To combat mycotoxins, the Frantzens began to include a feed binding agent, Biofix Plus, in both the control and treatment rations at a rate of 3 lb/ton. The binder was fed from the midway of the second turn through the end of the third turn. Looking at Figure 3, feed intake appeared to rebound in turn 3 as the toxin binder is designed to improve feed intake and weight gain. Close observation of animal performance, pig reaction to grains suspected to be infected, and testing feed samples were useful methods in detecting this problem.
Feed conversion for each of the three turns, as well as the means, are presented in Figure 4. Feed conversion is a ratio measuring how many pounds of feed it takes to gain one pound of weight; the lower the number, the more efficient. The average feed conversions for the control and treatment groups were statistically equal. Put another way, pigs fed either ration required the same amount of feed to put on one pound of weight.
Total feed cost, feed cost per pig, and feed cost per pound of gain are presented in Table 2. The total feed cost was calculated by generating the cost of production per bushel for the Frantzens’ organic hybrid rye and organic corn, and then adding the cost of additional feedstuffs (i.e. soybean meal, soy oil, premix). The majority of the feedstuffs the Frantzens feed their livestock were comprised of grains from their organic row crop operation.
Cost per bushel was calculated by dividing the Frantzens’ production costs ($/ac) by average crop yield (bu/ac). The Frantzens’ hybrid rye cost $2.43/bu and organic corn cost $4.46/bu. Hybrid rye cost less than corn due to lower seed costs, lower insurance costs, fewer field passes needed for weed control and minimal grain drying costs (Table A1).
More feed was fed to the treatment group per turn because on average the treatment group contained more pigs than the control group (Table 2). Despite feeding roughly 100 lb more of the treatment ration, though, average feed cost was less by nearly $40 compared to the control ration. Moreover, it cost $6.86 less per pig to feed the treatment ration compared to the control ration. Feed cost per pound of gain for pigs in the control group averaged $0.59 compared to $0.56 for the pigs in the treatment group. It cost less to feed the treatment ration for two reasons: 1) because hybrid rye was less expensive for the Frantzens to raise and feed on the farm compared to corn; and 2) because the treatment ration was comprised of half as much corn as the control ration (Figure 1).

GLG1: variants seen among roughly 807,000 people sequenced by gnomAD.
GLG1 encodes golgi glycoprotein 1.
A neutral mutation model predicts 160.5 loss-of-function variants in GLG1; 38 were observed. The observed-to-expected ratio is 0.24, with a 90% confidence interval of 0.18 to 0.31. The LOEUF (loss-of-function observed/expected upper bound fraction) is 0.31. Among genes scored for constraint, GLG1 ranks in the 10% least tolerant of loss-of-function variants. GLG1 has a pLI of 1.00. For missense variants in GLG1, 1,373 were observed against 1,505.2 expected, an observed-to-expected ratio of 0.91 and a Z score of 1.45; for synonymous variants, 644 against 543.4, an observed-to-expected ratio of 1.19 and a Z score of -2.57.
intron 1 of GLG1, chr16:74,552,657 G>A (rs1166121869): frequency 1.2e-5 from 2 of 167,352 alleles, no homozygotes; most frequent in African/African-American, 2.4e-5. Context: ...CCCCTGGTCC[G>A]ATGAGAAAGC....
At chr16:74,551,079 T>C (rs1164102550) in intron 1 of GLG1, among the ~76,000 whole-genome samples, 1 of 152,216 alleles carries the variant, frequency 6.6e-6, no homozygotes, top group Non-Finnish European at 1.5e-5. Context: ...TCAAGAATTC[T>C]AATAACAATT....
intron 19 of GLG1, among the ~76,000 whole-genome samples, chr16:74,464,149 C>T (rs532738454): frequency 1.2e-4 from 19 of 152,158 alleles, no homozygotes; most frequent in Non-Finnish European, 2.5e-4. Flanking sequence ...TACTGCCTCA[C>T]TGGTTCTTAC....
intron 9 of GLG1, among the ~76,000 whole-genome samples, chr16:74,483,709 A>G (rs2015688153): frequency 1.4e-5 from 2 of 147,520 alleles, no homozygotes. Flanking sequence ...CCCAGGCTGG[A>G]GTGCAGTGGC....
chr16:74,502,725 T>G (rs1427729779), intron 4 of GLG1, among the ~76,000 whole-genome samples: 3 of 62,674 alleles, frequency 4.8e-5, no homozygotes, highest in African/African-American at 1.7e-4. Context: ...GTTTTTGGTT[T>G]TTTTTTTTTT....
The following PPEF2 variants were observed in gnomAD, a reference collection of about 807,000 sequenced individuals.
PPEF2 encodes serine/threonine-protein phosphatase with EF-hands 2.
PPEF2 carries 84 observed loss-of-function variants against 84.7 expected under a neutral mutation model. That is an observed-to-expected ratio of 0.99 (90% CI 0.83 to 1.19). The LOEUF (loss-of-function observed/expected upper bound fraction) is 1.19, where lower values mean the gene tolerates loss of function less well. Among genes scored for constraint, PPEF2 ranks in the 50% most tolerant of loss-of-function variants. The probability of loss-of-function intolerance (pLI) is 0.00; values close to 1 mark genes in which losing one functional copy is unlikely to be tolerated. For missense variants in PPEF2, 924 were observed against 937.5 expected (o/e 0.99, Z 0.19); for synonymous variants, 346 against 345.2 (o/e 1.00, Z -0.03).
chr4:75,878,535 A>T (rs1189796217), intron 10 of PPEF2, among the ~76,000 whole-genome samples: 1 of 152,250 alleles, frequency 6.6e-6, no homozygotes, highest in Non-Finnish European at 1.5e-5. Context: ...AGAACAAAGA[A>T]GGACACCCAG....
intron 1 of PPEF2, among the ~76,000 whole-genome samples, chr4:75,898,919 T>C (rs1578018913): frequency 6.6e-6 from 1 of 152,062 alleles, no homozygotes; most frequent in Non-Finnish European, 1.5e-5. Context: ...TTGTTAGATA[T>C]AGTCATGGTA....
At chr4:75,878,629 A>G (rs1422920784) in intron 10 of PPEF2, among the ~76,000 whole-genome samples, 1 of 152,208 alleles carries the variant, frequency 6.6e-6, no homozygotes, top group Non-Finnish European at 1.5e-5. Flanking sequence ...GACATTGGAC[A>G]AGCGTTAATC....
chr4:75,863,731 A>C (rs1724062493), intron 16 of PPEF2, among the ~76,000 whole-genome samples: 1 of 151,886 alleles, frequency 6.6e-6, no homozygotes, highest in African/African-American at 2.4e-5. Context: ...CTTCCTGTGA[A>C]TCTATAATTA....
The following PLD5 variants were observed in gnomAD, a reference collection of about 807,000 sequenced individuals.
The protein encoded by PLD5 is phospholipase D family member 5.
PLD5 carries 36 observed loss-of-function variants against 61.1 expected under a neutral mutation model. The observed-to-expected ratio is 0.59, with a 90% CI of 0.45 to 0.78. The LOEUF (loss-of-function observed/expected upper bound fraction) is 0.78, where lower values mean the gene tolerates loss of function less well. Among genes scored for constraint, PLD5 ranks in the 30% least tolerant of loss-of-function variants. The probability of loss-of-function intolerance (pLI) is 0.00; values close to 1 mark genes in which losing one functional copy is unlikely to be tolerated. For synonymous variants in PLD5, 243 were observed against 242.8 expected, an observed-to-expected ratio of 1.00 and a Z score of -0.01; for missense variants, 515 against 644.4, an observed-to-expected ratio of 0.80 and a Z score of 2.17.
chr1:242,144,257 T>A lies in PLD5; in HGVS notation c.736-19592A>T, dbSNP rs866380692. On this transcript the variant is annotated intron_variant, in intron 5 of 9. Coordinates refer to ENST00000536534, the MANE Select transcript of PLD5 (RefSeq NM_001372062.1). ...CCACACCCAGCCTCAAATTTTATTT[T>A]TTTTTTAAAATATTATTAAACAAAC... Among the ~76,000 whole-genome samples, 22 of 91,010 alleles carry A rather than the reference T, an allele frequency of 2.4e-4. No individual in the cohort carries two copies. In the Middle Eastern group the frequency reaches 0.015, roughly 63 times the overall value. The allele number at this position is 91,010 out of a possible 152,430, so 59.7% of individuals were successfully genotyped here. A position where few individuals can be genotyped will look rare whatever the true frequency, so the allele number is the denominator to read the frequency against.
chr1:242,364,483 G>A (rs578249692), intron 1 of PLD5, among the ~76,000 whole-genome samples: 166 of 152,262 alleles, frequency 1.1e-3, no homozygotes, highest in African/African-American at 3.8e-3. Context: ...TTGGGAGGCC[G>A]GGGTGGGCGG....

Conclusions and Next Steps
This trial demonstrated feeder pigs performed similarly when fed either a ration with corn/soy (control) or a ration with hybrid rye replacing half of the corn (treatment). On average, ADG, daily feed intake and feed conversion were statistically similar between the pigs fed the control and treatment rations. Feed cost per pound of gain was less for the pigs fed the treatment ration.
Raising hybrid rye satisfied the Frantzens’ desire to diversify the farm’s organic crop rotation in an effort to suppress weeds. Planting a winter annual crop like hybrid rye in September can disrupt lifecycles of weeds like giant ragweed that proliferate in the spring.
The Frantzens concluded the benefits of hybrid rye not only impacts their feeder pig enterprise, but their entire integrated farm operation. Hybrid rye allowed the Frantzens to extend their five-year rotation to a six-year rotation providing an additional window in their cropping sequence. After hybrid rye harvest, the Frantzens plant a diverse cover crop mix that is grazed by stocker cattle in the fall, providing approximately 30 days of grazing.
An extended crop rotation allows the Frantzens to apply manure in September, rather than April, generating a more even spread of labor through the year. “During winter we would have the stocker cows out on corn stalks and apply manure in April. Now, with hybrid rye in the rotation, we are able to adjust the majority of our labor in September rather than April,” Tom said. The Frantzens will continue to grow and feed hybrid rye to their entire farrow-to-finish pig operation.
The Frantzens hope the results of this trial help other farmers to learn that farm diversity leads to stability. “We can successfully diversify integrated livestock and crop farms, while being better stewards of the land,” said Tom. “In this trial we not only learned the value of hybrid rye as a feedstuff for feeder pigs, but we are better equipped knowing how this crop benefits our entire farming system.”
Appendix – Trial Design and Production Costs